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Positive Relationships to Food
Our society as a whole is becoming increasingly susceptible to obesity. Studies support that there has been a dramatic increase in the percentage of overweight children and adults in the last 20 years. With an increasing overweight population, there is an increasing acceptance of this disease that helps to contribute to the leading cause of death in America; heart disease. (CDC, 2009)
In America the leading causes of heart attack are hypertension, elevated cholesterol, diabetes, and exposure to tobacco products. The first three coincide frequently with obesity, putting the obese population at the greatest risk for heart failure. (CDC, 2009) Statistics are also showing that obesity is becoming increasingly rampant among children. With increased availability of fast food restaurant chains and an ever growing population of latchkey kids with access to high tech video games we are creating an environment where childhood obesity is not only possible, but increasingly more likely.
Many adults in this country may have been conditioned into obesity. If raised by a preceding generation with poor eating habits and a lack of basic health education, one may be more likely to grow up and fall into the category of obese. Childhood obesity is becoming increasingly more prevalent. Between 1976 and 1980 The National Health and Nutrition Examination Survey (NHANES) was conducted by the Centers for Disease Control and Prevention (CDC) which determined that 6.5% of children between the ages of 6-11 were filed in the category of obese. The same study was conducted by NHANES from 2003-2006 to determine that the same age group had increased its obese population to 17%. Of these overweight childhood populations, 80% will become obese adults by age 25. (CDC, 2009) Can you imagine what the statistics will look like if we continue to same trends over the course of the next thirty years?
Fortunately issues such as this are getting more media attention as of late. First Lady Michelle Obama has taken on a mission to tackle childhood obesity in attempts to solve it within one generation. The current CDC statistics show that 32% of children ages 2-19 are considered to be overweight or obese. With the increasing prevalence of overweight children newer generations are for the first time failing to outlive the preceding generation by as much as two years. Her plan is to take advantage of her position as First Lady to help educate the nation on the dangers associated with growing up obese. Her approach is to relate to working mothers who may not have the time and energy to cook healthy meals for their children and encourage them to take a new approach. She has also assembled a campaign that would donate 25 million to revamp school kitchens to toss out the deep fryers and make them more produce friendly. (Brandon, 2010)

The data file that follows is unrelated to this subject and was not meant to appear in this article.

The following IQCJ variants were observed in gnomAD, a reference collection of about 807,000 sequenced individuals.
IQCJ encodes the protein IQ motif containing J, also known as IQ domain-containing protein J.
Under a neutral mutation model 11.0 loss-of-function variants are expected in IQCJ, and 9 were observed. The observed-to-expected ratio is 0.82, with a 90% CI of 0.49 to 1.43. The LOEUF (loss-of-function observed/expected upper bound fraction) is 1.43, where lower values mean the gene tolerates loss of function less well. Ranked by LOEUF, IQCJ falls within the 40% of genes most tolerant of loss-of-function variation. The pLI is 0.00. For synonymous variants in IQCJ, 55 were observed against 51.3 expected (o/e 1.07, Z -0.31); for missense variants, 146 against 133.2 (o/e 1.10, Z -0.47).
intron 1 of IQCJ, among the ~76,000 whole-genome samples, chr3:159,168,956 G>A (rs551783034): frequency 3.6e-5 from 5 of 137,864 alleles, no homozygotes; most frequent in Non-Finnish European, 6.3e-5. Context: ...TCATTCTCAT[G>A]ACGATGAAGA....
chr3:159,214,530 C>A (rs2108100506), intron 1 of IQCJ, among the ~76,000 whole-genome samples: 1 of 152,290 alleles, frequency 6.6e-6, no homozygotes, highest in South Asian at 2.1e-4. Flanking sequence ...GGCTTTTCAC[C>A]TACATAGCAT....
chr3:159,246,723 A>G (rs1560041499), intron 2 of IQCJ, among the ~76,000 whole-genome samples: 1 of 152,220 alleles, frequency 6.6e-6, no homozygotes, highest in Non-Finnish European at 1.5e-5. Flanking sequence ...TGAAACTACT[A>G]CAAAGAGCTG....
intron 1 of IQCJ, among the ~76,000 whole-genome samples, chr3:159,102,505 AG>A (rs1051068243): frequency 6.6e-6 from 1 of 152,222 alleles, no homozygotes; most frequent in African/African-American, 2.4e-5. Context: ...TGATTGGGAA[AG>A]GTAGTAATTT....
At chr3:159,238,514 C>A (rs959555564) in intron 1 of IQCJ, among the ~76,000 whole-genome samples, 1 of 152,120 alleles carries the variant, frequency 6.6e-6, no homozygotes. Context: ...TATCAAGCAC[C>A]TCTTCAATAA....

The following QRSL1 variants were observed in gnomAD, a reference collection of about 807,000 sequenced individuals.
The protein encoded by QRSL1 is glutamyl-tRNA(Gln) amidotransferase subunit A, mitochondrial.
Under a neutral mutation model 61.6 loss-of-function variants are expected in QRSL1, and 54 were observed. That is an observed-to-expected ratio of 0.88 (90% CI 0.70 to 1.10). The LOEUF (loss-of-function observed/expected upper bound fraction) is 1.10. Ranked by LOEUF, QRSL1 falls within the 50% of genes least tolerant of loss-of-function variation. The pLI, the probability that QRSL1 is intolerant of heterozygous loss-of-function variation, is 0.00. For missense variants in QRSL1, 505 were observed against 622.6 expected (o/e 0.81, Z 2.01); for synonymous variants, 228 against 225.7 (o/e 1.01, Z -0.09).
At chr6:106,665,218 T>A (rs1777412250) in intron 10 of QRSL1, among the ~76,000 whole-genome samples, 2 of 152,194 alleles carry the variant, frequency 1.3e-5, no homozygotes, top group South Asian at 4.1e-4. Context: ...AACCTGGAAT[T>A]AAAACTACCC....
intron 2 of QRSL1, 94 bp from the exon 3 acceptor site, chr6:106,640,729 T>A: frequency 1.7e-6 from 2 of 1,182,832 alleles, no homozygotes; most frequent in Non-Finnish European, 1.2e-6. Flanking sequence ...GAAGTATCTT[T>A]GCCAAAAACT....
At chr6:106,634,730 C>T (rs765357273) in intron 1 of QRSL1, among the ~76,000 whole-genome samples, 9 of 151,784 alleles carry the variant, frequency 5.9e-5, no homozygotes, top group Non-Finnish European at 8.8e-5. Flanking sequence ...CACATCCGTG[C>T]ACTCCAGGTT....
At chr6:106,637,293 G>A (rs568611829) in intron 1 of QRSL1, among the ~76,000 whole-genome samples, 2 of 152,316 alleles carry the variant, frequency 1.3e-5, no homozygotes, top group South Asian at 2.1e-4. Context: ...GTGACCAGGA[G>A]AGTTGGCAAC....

If obesity continues to increase at its current rate within the United States, the medical costs are predicted to rise from the current cost of 147 billion dollars (Hall, 2010) to 344 billion dollars per year by 2018. This means within eight years we have the potential to tip the scales to a 50% obesity rate if the current situation goes ignored. (Hellmich, 2009)
Obesity is not a disease that will disappear overnight. Because it is a preventable disease there is a lot of room for improvement. A possible solution is to begin with our nation’s children since the statistics overwhelmingly show that overweight children have an increased rate of becoming an obese adult. If we can increase health education in our public school systems we can hopefully create a good foundation in our children that establishes what it means to grow into a healthy adult. These healthy adults can then pass on good eating and exercise habits to future generations in hopes of eliminating our nation’s most preventable diseases.
Reference:Centers for Disease Control and Prevention (CDC) website. Updated December 2009. Retrieved February 14, 2010.
Reference:Hall, Mimi and Nancy Hellmich. “’Let’s move’ on child obesity” USA Today. Published February 9, 2010.
Reference:Hellmich, Nanci. “Rising obesity will cost U.S. healthcare $344 billion a year” USA Today. Published November 17, 2009.
Reference:MedicineNet.com. February 2, 2001. http://www.medterms.com/script/main/art.asp?articlekey=11760 Retrieved February 14, 2010.
Reference:Schuler, Douglas. 2008. Liberating Voices: A Pattern Language for Communication Revolution.
Verbiage for pattern card:
A child's relationship to food a developed based on the education and underlying messages they receive in both schools and in the home. Adults may unknowingly taint a child's perception of healthy eating by setting up reward systems based around food or by displaying the use of food to control emotions. The outcome of these behaviors is a society that is riddled with obesity.
As a society we need to acknowledge that these unfavorable relationships with food exist. A good first step would be to increase health education that stresses the importance of a balanced diet coupled with regular exercise. Starting health education early in life will help condition our youth into healthy behaviors that will hopefully alleviate a future filled with great expenses and lives lost to preventable diseases.